Ceide Fields - Sarah Woodbury

Ceide Fields

The Ceide Fields are located on the west coast of Ireland north of Ballycastle.

Ceide means “flat topped hill fields”. It is the largest Neolithic site in Ireland and preserves the oldest known stone-walled fields in the world, dating to 3500 BC.

This was a farming community where ancient farmers used wooden ploughs with a stone cutting edge for field cultivating. These were drawn by cattle (horses had not been introduced into Ireland at this time). The walls were low enough that they were intended to encompass the fields rather than for defensive purposes. After the fields were abandoned, they were covered over by a bog, preserving the walls, houses, and tombs of the ancient peoples. Archaeological evidence indicates the farmers cleared woodlands dominated by pine and birch to make pasture for grazing livestock.

From Wikipedia: The discovery of the Céide Fields originally began in the 1930s when a schoolteacher, Patrick Caulfield, noticed piles of rocks which were uncovered as he cut away some peat for fuel. Caulfield noted that the rocks must have been placed there by people, because their configuration was clearly unnatural and deliberate. Furthermore, the rocks were positioned below the bog, which meant they were there before the bog developed, implying a very ancient origin.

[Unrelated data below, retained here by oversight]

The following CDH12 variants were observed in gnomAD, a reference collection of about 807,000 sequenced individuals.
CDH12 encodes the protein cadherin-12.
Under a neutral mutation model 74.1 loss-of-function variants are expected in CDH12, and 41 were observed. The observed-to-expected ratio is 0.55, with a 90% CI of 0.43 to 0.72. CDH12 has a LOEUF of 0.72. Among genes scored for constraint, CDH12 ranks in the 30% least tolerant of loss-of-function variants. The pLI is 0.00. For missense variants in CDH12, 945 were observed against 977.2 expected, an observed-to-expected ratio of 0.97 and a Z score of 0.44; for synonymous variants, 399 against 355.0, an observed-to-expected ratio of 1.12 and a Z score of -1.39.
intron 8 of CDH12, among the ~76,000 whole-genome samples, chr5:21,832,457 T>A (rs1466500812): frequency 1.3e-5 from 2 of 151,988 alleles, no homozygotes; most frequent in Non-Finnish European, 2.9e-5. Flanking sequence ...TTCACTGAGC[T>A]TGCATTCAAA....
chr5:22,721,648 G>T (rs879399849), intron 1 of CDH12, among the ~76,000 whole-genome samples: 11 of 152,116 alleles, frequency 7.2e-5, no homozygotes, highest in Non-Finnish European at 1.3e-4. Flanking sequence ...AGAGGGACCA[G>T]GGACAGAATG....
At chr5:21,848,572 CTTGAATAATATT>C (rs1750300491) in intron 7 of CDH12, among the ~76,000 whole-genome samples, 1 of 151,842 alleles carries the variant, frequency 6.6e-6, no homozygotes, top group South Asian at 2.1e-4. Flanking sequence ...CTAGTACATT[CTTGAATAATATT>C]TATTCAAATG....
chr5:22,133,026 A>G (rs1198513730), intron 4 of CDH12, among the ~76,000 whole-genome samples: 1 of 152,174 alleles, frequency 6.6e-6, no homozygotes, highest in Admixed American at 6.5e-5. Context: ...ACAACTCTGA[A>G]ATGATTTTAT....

The unravelling of the true significance of this discovery did not begin for another forty years when Patrick’s son, Seamus, having studied archaeology, began to investigate further. Investigations revealed a complex of fields, houses and megalithic tombs concealed by the growth of blanket bogs over the course of many centuries.

Today, many of the walls have been exposed through excavation, so you can walk in the 5500 year old landscape. Also in evidence are examples of a round house and tomb structures. According to World Heritage, “The Céide Fields are totally authentic in that the stone field walls have quite simply not been disturbed in over 5,000 years. The vast majority are still completely hidden untouched beneath up to 4 metres of blanket peat. The growth of this blanket bog is not only part of the unique environmental history of the site but has served as a very real physical protection of the remains as well as providing unequivocal proof of the antiquity of the site.”


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